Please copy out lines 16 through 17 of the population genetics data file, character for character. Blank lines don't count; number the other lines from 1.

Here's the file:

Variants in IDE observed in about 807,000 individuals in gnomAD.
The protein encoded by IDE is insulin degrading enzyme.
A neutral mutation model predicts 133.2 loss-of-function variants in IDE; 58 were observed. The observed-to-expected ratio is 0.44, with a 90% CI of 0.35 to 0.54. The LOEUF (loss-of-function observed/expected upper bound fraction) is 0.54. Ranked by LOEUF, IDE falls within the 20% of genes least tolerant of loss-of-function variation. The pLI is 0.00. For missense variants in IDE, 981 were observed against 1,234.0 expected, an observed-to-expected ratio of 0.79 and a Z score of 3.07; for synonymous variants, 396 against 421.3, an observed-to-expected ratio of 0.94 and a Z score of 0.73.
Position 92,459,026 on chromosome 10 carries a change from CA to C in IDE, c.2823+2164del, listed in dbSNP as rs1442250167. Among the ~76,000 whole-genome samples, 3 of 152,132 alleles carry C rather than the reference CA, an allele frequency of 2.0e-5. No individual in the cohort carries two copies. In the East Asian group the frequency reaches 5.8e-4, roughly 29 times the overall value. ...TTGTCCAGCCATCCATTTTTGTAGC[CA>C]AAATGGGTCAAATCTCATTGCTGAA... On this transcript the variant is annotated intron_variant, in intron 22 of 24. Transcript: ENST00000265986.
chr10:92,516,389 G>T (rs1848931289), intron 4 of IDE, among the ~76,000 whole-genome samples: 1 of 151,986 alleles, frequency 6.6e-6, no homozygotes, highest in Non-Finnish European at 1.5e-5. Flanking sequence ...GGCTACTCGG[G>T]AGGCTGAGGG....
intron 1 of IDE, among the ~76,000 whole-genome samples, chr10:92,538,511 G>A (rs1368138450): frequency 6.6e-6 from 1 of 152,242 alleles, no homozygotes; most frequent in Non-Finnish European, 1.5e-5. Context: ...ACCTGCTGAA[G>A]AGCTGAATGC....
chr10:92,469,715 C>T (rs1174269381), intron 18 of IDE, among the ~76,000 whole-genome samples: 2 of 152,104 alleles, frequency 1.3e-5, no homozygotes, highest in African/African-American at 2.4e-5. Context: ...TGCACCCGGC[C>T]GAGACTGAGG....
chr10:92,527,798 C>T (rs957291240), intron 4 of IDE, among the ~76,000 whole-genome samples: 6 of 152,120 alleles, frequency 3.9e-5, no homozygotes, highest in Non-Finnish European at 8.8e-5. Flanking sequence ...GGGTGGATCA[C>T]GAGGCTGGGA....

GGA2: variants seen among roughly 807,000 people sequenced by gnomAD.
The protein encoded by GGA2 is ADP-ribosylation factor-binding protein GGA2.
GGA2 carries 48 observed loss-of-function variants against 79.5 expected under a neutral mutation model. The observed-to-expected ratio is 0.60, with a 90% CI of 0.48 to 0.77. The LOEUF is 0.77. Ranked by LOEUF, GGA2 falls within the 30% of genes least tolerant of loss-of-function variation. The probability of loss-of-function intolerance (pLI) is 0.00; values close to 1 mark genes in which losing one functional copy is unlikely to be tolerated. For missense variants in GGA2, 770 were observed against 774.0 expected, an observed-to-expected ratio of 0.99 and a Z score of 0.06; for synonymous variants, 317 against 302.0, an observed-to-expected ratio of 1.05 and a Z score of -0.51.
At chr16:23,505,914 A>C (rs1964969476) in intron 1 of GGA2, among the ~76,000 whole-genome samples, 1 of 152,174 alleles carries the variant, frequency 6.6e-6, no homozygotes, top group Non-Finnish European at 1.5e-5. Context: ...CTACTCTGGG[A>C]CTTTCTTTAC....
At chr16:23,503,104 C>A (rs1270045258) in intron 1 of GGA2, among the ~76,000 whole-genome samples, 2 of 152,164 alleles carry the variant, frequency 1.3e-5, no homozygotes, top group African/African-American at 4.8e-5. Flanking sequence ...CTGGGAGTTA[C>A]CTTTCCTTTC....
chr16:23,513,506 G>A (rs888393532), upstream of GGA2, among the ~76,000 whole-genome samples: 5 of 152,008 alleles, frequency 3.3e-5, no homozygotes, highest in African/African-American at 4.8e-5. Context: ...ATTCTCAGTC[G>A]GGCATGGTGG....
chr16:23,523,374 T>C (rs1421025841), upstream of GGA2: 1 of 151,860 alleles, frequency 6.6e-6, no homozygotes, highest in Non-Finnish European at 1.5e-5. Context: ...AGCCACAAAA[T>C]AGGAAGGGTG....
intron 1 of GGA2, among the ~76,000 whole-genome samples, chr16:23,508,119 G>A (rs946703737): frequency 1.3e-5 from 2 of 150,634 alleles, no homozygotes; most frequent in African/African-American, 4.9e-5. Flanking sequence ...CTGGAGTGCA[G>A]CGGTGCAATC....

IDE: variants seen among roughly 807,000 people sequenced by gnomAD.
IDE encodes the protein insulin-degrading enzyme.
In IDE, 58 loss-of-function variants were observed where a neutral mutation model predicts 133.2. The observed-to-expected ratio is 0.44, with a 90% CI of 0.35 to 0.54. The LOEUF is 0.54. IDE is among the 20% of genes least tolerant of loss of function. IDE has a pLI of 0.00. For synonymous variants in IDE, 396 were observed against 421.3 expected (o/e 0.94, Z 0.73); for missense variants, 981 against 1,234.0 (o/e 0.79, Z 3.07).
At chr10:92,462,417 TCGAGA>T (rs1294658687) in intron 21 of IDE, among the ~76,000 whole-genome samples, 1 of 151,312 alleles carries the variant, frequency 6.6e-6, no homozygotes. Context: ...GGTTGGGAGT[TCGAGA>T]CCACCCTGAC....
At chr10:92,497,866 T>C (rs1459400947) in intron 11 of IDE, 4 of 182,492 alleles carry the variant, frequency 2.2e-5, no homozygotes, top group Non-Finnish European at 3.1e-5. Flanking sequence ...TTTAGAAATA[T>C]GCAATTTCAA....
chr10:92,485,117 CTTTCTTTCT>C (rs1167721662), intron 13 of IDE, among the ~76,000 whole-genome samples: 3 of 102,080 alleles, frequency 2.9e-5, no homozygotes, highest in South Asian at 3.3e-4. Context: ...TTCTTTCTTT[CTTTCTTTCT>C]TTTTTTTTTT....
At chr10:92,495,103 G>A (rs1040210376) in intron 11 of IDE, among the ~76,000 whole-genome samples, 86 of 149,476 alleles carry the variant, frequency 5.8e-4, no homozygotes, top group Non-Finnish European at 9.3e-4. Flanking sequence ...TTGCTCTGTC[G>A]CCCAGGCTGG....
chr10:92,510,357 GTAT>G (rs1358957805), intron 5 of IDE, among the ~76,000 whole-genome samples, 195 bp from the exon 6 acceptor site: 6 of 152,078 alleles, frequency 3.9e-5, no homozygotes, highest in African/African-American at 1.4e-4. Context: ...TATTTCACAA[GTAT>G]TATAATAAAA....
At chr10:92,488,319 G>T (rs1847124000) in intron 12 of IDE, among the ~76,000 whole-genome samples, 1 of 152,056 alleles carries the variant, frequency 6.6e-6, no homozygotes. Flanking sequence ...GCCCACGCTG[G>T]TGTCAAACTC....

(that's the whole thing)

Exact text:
intron 1 of GGA2, among the ~76,000 whole-genome samples, chr16:23,508,119 G>A (rs946703737): frequency 1.3e-5 from 2 of 150,634 alleles, no homozygotes; most frequent in African/African-American, 4.9e-5. Flanking sequence ...CTGGAGTGCA[G>A]CGGTGCAATC....

IDE: variants seen among roughly 807,000 people sequenced by gnomAD.